Catcher and the starting rotation (Wide-net)

If we stick to Avila’s quotes about if they are not going to spend the big money on free agents due to the economic fallout from COVID-19, what is on the market for Detroit?  Let’s start with a catcher and who the Tigers could cast their net and grab since there are a few names that make sense if the vibe we are getting is that Detroit will not be spending a ton of money.

According to FanGraphs, their estimated payroll for 2021 is $67 million with Miguel Cabrera’s contract being the lone, long-term contract on the books.

  • Jason Castro (Market value per Sportrac.com is $3.3 million)
  • Michael Wacha (signed one-year deal with the Mets in 2020 for $3 million)
  • Tyler Chatwood (Market value per Sportrac.com is $5 million)
  • Marwin Gonzalez (Marke value per Sportac.com is $3 million)
  • C.J Cron

So first, why Castro? He is a left-handed hitting catcher and has played for Hinch before, so there is familiarity with him. Yes, his slash line of .188/.293/.375 does not look good on paper but he has hit harder in the past two seasons (47% and 55.3%)  than his career average of 34.9% per Baseball Savant but it fits into not committing to a catcher long term and the Tigers trying to save money,

For Wacha, as MLBTradeRumors discussed, he won’t be 30 until July and he was one of the best at inducing weak contact on the ground. We have a clearer idea of what the Tigers infield looks like based on what Avila said yesterday with Candelario back at third, Willi Castro at short and Goodrum perhaps getting the nod at second base.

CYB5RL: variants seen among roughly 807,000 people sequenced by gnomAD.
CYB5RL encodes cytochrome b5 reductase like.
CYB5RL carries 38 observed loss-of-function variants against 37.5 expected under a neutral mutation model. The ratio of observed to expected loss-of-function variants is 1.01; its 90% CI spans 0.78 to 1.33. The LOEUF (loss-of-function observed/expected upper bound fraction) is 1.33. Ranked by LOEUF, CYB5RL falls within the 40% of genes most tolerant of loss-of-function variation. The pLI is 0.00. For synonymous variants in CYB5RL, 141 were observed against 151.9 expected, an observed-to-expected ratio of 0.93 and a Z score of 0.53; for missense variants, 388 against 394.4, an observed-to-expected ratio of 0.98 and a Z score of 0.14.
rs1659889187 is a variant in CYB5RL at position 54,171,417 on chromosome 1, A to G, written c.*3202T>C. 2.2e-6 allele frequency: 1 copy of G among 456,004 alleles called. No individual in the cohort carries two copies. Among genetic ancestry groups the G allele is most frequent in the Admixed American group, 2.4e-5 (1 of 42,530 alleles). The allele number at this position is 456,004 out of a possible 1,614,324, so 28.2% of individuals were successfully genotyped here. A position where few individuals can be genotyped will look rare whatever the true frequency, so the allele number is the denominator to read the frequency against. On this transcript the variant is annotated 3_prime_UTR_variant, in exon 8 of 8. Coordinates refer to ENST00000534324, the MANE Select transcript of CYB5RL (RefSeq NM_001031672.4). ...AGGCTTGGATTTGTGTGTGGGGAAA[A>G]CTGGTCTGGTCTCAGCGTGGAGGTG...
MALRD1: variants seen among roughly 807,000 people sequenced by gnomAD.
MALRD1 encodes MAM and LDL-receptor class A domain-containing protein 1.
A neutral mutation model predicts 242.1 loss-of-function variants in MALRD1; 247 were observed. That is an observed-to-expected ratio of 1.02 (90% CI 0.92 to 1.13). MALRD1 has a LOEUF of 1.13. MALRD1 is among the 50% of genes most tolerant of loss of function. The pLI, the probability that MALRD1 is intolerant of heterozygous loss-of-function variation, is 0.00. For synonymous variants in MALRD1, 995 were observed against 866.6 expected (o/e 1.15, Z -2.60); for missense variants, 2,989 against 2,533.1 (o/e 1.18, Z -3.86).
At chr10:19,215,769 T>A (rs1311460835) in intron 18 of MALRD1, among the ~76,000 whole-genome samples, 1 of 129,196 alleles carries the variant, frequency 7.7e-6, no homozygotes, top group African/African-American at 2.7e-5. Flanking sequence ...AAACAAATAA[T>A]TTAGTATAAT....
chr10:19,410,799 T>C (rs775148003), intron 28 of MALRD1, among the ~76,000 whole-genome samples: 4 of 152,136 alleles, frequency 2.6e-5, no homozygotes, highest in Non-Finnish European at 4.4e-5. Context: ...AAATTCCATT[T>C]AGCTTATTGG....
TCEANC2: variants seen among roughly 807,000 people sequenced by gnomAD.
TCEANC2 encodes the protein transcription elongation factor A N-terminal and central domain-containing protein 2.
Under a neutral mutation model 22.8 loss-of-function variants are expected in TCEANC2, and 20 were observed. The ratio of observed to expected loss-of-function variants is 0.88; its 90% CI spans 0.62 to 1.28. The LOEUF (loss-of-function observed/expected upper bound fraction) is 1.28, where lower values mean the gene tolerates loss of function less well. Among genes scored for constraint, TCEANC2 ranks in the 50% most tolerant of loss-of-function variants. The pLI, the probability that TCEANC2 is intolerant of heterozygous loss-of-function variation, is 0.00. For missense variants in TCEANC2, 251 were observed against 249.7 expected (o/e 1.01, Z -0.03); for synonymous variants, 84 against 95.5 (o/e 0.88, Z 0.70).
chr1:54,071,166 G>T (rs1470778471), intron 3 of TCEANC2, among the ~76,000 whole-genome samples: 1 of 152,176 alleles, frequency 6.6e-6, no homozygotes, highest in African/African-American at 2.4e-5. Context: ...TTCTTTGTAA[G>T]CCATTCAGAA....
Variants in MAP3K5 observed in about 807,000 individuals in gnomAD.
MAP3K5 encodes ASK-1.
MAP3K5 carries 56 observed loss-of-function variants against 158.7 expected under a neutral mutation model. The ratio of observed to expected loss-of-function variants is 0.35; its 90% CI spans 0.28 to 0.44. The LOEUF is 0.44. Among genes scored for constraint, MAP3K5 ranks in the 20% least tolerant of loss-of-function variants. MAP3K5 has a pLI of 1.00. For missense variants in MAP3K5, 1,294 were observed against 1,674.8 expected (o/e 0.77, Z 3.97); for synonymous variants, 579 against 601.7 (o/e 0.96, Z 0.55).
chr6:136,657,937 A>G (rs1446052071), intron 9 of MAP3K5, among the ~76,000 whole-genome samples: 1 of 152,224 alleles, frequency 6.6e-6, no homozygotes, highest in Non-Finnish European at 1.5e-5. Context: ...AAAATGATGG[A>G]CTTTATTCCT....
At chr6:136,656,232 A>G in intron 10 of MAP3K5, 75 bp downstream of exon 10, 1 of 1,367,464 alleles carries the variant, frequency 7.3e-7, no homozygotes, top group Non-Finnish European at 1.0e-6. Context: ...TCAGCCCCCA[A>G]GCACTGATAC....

Whatever the case is, the Tigers should have the personal to be equipped for Wacha. He is the case of signing him and, flip him for a player if Detroit is not in contention.  I know Tigers fans are sick of that happening but as Avila indicated in this quote. 

“The last thing we want to do is go out and spend some money that we’re trying to get rid of next year or the year after that.”

Tyler Chatwood is a low-risk, high-upside signing. Why? When his command issues are good, you get this.

Marwin Gonzalez has position versatility at either corner infield spots, time at second base, and right field. He is a utility player who the Tigers could slot anywhere.

These names are suggestions and I am sure there are better ideas out there but I threw out these three based on the Tigers’ most pressing needs to address the rotation and behind the plate.  Jim Bowden of The Athletic ($) suggested Norma Mazara would be a good fit for the Tigers in left field. I think that is a good idea as he is 25 years old and has raw power for days plus, he is a lefty bat.